The Gold Price dropped below $1600 per ounce for the first time in six months Wednesday, as the Dollar strengthened and stock markets were broadly flat, ahead of the publication of the latest Federal Reserve policy meeting minutes later today.
Silver fell to $29.19 an ounce, also a six month low, while other commodity prices were little changed on the day.
Major government bond prices fell, with UK Gilts dropping sharply along with the Pound following the latest Bank of England minutes.
Dealers in India reported an increase in gold buying today, with some citing next week's budget as a factor.
"Most people in the market are concerned about policy changes in the budget," one dealer in Mumbai told newswire Reuters this morning.
"Some sort of measures to curb gold imports can be there, that's why bullion players, especially jewelers, are increasing their stock levels."
Last month, India raised the import duty on gold from 4% to 6%, with authorities having cited gold imports as a factor exacerbating the current account deficit.
Over in China, trading volumes on the Shanghai Gold Exchange continued to fall Wednesday, having set a record on Monday as the exchange re-opened following Lunar New Year week.
"We have seen quite strong interest in the domestic market as prices weaken," says one trader in Beijing, "although such demand is unable to push prices much higher...once prices stabilize around this level, we may see demand dwindle. But another sharp retreat or rally in prices will trigger a lot of investment and physical gold demand."
Less than three months after setting a new all-time record, the Euro gold price fell below €1200 an ounce for the first time since December 2011 this morning.
The Pound meantime fell to a nine-month low against the Dollar this morning, dropping sharply immediately after the publication of the latest Bank of England Monetary Policy Committee minutes. The minutes show that three of the nine MPC members – including the current governor Mervyn King – voted earlier this month to increase the size of the Bank's quantitative easing program from £375 billion to £400 billion, with the majority voting to leave it unchanged.
"The Committee agreed that, as long as domestic cost and price pressures remained consistent with inflation returning to target in the medium term, it was appropriate to look through the temporary, albeit protracted, period of above-target inflation," the minutes read.
"The BoE minutes surprised on the dovish side," says Citigroup strategist Valentin Marinov, "which could be seen as disappointment for those thinking that a lot of negatives are [already] in Sterling price by now."
"This lowers the bar for further intervention," adds Deutsche Bank economist George Buckley, "though we still argue that if the BoE’s forecasts for sticky inflation and GDP growth gradually recovering are proved right no more quantitative easing will be needed."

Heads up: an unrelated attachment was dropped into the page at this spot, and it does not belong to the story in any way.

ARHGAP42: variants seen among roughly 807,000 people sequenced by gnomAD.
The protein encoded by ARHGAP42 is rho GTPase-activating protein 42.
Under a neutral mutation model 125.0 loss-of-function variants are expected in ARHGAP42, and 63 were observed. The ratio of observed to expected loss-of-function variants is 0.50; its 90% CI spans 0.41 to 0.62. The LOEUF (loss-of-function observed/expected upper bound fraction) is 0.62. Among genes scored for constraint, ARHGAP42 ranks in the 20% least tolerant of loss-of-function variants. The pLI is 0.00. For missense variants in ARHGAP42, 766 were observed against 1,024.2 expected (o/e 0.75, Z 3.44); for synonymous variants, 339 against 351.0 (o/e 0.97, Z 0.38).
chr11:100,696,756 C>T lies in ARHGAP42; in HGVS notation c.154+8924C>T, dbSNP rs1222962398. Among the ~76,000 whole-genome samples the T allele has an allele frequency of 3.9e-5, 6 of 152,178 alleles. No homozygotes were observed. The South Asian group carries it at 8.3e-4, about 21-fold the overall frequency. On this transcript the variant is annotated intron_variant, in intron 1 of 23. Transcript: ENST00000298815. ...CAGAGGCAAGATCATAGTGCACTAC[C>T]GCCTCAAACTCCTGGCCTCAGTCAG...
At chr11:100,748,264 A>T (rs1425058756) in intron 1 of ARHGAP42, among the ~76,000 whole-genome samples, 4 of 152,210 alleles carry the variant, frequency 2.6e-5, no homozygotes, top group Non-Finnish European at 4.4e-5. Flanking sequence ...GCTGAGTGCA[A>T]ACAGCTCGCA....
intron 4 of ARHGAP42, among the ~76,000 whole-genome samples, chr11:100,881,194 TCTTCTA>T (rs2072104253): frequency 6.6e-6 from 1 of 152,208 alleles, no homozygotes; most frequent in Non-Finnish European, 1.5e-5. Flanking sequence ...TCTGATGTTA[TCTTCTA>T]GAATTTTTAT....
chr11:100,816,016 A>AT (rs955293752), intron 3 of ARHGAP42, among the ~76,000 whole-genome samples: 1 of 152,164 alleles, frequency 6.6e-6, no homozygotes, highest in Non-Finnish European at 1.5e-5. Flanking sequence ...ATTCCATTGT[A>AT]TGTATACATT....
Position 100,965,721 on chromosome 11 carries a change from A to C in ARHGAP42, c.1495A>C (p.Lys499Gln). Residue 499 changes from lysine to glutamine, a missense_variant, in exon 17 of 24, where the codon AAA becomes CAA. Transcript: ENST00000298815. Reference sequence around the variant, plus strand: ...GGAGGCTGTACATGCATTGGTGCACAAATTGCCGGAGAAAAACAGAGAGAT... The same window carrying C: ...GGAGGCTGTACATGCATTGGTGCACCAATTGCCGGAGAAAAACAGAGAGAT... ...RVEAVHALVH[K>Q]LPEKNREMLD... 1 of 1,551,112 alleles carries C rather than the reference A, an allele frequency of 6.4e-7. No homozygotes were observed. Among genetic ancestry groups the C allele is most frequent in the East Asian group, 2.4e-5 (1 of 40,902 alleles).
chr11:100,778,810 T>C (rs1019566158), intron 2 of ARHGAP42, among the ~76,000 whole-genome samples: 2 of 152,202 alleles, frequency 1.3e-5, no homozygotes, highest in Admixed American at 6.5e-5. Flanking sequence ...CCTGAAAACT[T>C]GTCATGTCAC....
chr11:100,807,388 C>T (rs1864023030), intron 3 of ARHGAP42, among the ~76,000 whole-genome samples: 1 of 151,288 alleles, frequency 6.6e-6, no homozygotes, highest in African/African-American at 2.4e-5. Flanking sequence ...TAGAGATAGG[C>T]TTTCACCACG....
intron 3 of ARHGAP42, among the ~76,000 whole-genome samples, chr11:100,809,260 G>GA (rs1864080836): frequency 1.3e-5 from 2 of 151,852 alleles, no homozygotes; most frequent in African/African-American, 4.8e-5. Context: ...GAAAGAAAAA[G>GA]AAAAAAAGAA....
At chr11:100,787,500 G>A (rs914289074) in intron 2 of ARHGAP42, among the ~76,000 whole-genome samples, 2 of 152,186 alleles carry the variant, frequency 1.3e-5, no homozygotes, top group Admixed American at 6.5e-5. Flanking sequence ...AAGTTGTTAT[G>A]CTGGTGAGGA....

Gold in Sterling jumped to £1048 per ounce immediately following publication of the minutes, slightly above the previous high for this week, before trading lower towards lunchtime in London.
The UK's three-month unemployment rate meantime rose to 7.8% in December, up from 7.7% a month earlier, data published this morning show, although January's claimant count figure fell by more than anticipated.
In the US, the Federal Reserve publishes the minutes of last month's Federal Open Market Committee later today.
"The Committee expects that a highly accommodative stance of monetary policy will remain appropriate for a considerable time after the asset purchase program ends and the economic recovery strengthens," said the statement published immediately after that meeting.
"We suspect the [Fed] will again spell out its prolonged easing stance in very clear terms," says Ed Meir, analyst at brokerage INTL FCStone, "but whether this is going to be enough to trigger a round of renewed [gold] buying is doubtful."
"We don't think there should be anything in the minutes to spook the markets," adds Standard Bank currency strategist Steve Barrow, "[but] we definitely sense that the market is more sensitive to hawkish comments [implying tighter policy] than dovish ones."
Ahead of the Italian elections starting on Sunday, former prime minister Silvio Berlusconi's party has sent out thousands of letters to voters pledging to reimburse their IMU property tax. The letter told voters that should Berlusconi become economy minister, they will be able to collect their tax rebate from the post office.
"Silvio Berlusconi may be an effective campaign strategist," German finance minister Wolfgang Schaeuble said last week, "but my advice to the Italians is not to make the same mistake again by voting for him."
Despite recent weakness in the Yen, Japan's trade deficit set a new record last month, figures published Wednesday show.